The Union Street Café is in a dismal, dingy part of London; dismal dingy Southwark. Southwark, in fact, is almost charismatically dingy, a land of despairing streets and brick arches and railway tracks heading suicidally for southern suburbs. Even the churches (small, brown, bricked, almost bricked-up) look apologetic, as if they know they have failed.
But it is here, on the junction of Union Street and Great Suffolk Street, that Gordon Ramsay, the second most charismatic of the original celebrity chefs — after Marco Pierre White, now selling stock cubes to old ladies with his swiftly receding sexual charisma — has built his new restaurant. It is his tenth in Britain. It was to be a co–venture with David Beckham, the ex-footballer and human thong, but Beckham pulled out; perhaps the restaurant was not thin enough for his terrifying wife Victoria?
The cuisine is Italian, but food was never the point of Gordon Ramsay; it was always about his anger, his face, and his chomping desire for an empire; and also the fact that he was cynical enough to attempt haute cuisine while punning, at Heathrow airport, with the appalling Plane Food. Of course he isn’t here in the kitchen of the Union Street Café; who loves their tenth child? He is probably in some TV studio, stuffing powder into the crevasses in his face, or perhaps shouting. Instead there is a wall of smiling heads greeting us at the door. So many happy heads smiling together. They are like the Tweenies, but abducted.
The vibe, as morons say, is Manhattan. Except this isn’t anything like Manhattan, which is overrated in any case; it is, I am afraid, closer to Penge, or even Southwark, still lurking just outside. But it has exposed pipes, concrete floors, ugly lighting, greying pop art and all the detritus of 1980s urban grunge, which to me only bespeaks dodgy builders; all we now need is Madonna, circa 1985 and young again, gyrating over a potato ricer while licking a sledgehammer (‘Men at twerk’). It is violently unsexy; why would you dine in a restaurant that looks like your own home under renovation? And in Southwark, which needs no more gritty reality, least of all gritty reality re-imagined by Gordon Ramsay’s accountant, with help from his stylist, neither of whom I suspect has a clue about reality, gritty, Manhattanite, or otherwise?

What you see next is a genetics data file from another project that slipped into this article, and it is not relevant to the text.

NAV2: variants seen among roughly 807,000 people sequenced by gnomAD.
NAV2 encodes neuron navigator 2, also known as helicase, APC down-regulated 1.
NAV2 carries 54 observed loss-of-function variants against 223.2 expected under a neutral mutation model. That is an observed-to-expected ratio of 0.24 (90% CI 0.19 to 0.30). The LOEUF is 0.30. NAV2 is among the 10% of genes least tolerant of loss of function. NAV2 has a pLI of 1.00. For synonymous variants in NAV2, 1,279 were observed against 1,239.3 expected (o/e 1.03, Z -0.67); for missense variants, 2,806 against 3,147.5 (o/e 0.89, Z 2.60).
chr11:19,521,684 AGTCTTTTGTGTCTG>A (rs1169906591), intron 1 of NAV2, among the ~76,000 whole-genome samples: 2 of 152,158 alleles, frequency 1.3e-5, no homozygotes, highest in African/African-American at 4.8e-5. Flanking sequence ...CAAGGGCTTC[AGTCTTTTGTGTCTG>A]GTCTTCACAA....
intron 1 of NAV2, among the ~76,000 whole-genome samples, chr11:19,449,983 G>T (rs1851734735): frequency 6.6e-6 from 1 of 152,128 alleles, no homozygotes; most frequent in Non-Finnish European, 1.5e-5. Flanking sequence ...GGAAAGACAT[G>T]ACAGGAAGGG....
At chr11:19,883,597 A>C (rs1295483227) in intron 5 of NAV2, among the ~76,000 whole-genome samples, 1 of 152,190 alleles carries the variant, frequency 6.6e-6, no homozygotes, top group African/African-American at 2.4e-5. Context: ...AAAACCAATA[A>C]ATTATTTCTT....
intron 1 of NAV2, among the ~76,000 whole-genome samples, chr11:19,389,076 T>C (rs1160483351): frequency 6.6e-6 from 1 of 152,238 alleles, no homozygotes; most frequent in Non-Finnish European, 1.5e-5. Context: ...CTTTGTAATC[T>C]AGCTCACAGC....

Apparently many have — it was the Beckham effect. Ten thousand covers booked, I was told, and they are full until Christmas (except there are many empty tables, so they aren’t). But in the absence of David Beckham, never a man to sell food (he exists to sell knickers to the broken), the Union Street Café — and bar, which is apparently your ‘local urban living room’ — will have to survive on its kitchen, which is encased behind a wall of glass. ‘Restaurant theatre,’ they call it. Ugh.
The Tweenies bring a series of dishes stuffed with salt. I want to judge them kindly; but I can’t taste anything except the salt. Two types of cheese — mozzarella (with Parma ham) and burrata (with pumpkin) — covered in salt. Risotto al funghi and rigatoni ragù — likewise covered in salt. The veal was possibly salt — with veal. Was this a no-longer-necessary attempt by Victoria Beckham to render the food inedible? Did a bulimic chef ‘go dark’? Even my guest, who normally subsists on Wagon Wheels and hate, can’t eat it.
So here is Gordon near the end; flogging salty pasta to the tidy workers of Southwark. Because local hipsters wouldn’t eat in a Gordon Ramsay joint, if they eat at all; he is too old for them. His demographic is veering inexorably towards the stock cube.
Got something to add? Join the discussion and comment below.
Union Street Café, 47–51 Great Suffolk Street, London SE1 0BS, tel: 020 7592 7977.
You might disagree with half of it, but you’ll enjoy reading all of it. Try your first 10 weeks for just $10